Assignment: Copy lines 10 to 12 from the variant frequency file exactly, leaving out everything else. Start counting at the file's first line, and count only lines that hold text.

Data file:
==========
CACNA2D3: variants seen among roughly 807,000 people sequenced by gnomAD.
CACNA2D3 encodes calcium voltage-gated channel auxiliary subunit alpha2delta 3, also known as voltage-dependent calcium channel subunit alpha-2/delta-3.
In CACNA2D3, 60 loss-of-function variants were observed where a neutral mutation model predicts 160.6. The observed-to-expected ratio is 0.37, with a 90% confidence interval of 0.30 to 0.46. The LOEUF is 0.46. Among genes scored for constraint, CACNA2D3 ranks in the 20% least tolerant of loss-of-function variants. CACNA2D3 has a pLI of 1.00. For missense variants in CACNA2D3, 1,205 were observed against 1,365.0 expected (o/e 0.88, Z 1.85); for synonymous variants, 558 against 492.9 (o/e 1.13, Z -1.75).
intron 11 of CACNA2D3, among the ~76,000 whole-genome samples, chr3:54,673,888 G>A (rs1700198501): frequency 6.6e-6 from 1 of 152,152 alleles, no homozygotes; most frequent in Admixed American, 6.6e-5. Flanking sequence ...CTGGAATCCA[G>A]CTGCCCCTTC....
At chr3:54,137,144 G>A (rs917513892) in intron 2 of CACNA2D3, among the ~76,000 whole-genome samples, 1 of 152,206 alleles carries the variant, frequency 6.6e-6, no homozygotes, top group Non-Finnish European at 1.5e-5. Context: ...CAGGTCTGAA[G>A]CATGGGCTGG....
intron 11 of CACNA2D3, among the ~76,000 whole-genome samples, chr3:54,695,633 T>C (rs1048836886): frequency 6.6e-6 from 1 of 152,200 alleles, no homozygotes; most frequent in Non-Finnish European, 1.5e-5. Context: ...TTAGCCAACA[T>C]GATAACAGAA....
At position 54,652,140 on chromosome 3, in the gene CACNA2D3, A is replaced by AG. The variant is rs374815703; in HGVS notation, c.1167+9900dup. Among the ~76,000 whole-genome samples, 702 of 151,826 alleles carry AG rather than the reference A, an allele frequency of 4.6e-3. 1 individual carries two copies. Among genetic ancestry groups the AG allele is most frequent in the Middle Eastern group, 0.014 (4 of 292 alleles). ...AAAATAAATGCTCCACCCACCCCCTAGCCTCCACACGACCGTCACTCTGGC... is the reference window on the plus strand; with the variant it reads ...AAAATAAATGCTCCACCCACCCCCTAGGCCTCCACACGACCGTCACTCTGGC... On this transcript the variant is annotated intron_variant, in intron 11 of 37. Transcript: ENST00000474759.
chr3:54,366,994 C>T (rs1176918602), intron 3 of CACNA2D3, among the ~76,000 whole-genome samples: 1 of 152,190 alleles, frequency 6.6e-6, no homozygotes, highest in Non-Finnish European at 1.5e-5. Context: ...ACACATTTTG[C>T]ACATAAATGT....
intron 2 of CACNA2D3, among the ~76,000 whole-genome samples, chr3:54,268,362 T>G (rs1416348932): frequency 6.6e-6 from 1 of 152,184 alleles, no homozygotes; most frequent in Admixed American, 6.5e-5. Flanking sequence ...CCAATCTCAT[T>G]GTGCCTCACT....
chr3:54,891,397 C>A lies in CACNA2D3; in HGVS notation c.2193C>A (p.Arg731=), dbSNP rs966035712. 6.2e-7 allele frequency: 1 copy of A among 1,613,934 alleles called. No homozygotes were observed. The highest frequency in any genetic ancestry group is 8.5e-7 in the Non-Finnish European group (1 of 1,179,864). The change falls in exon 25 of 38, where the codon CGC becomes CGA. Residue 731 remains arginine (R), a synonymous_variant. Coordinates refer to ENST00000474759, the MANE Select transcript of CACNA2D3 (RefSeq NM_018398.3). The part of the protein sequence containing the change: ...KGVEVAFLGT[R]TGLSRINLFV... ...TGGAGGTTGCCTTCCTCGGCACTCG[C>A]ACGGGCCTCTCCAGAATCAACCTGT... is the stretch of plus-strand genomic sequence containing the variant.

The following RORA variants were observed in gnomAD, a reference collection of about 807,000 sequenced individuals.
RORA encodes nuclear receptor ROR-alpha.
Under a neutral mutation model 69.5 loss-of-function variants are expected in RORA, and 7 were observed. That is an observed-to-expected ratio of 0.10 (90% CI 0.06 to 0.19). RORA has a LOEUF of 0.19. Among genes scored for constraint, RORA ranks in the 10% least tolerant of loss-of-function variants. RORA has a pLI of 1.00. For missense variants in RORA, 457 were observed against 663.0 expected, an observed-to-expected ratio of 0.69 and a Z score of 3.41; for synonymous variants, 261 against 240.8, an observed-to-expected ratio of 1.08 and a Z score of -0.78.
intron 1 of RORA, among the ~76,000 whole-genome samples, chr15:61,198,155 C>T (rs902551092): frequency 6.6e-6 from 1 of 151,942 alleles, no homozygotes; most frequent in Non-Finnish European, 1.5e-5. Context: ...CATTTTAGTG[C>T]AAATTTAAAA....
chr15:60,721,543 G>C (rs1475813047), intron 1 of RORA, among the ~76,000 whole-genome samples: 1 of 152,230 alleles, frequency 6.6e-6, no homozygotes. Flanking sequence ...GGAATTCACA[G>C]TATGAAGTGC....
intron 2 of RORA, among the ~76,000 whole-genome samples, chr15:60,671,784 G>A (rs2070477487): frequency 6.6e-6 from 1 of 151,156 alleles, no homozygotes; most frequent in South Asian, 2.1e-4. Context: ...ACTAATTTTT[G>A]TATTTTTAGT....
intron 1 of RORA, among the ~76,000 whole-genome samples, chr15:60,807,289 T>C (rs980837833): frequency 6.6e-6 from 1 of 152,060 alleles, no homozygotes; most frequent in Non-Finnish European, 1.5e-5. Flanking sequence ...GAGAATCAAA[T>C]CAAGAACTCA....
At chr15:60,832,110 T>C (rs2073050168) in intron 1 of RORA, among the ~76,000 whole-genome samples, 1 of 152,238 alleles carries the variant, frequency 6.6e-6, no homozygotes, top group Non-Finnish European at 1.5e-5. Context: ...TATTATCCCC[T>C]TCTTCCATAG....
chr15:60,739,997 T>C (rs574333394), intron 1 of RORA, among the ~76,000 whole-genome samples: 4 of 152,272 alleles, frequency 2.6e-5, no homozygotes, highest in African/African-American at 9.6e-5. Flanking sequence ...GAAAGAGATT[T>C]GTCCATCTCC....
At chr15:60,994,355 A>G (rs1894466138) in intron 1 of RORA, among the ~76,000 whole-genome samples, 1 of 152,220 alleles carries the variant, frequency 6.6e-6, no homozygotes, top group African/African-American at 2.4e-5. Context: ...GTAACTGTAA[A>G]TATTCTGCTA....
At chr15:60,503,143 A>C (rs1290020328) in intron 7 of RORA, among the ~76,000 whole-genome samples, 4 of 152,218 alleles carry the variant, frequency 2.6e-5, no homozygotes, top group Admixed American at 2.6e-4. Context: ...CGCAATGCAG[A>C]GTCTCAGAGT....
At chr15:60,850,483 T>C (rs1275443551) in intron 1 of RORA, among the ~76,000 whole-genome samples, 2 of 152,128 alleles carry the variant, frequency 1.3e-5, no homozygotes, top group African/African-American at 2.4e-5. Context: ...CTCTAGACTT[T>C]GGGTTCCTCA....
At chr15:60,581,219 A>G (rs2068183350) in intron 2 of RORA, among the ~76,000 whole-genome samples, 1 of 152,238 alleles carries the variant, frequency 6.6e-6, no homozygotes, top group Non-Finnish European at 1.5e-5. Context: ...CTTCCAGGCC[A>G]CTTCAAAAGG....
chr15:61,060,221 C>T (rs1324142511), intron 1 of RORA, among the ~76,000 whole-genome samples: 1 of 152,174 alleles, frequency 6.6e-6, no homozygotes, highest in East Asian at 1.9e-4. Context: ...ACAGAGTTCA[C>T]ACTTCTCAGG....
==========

chr3:54,891,397 C>A lies in CACNA2D3; in HGVS notation c.2193C>A (p.Arg731=), dbSNP rs966035712. 6.2e-7 allele frequency: 1 copy of A among 1,613,934 alleles called. No homozygotes were observed. The highest frequency in any genetic ancestry group is 8.5e-7 in the Non-Finnish European group (1 of 1,179,864). The change falls in exon 25 of 38, where the codon CGC becomes CGA. Residue 731 remains arginine (R), a synonymous_variant. Coordinates refer to ENST00000474759, the MANE Select transcript of CACNA2D3 (RefSeq NM_018398.3). The part of the protein sequence containing the change: ...KGVEVAFLGT[R]TGLSRINLFV... ...TGGAGGTTGCCTTCCTCGGCACTCG[C>A]ACGGGCCTCTCCAGAATCAACCTGT... is the stretch of plus-strand genomic sequence containing the variant.

The following RORA variants were observed in gnomAD, a reference collection of about 807,000 sequenced individuals.
RORA encodes nuclear receptor ROR-alpha.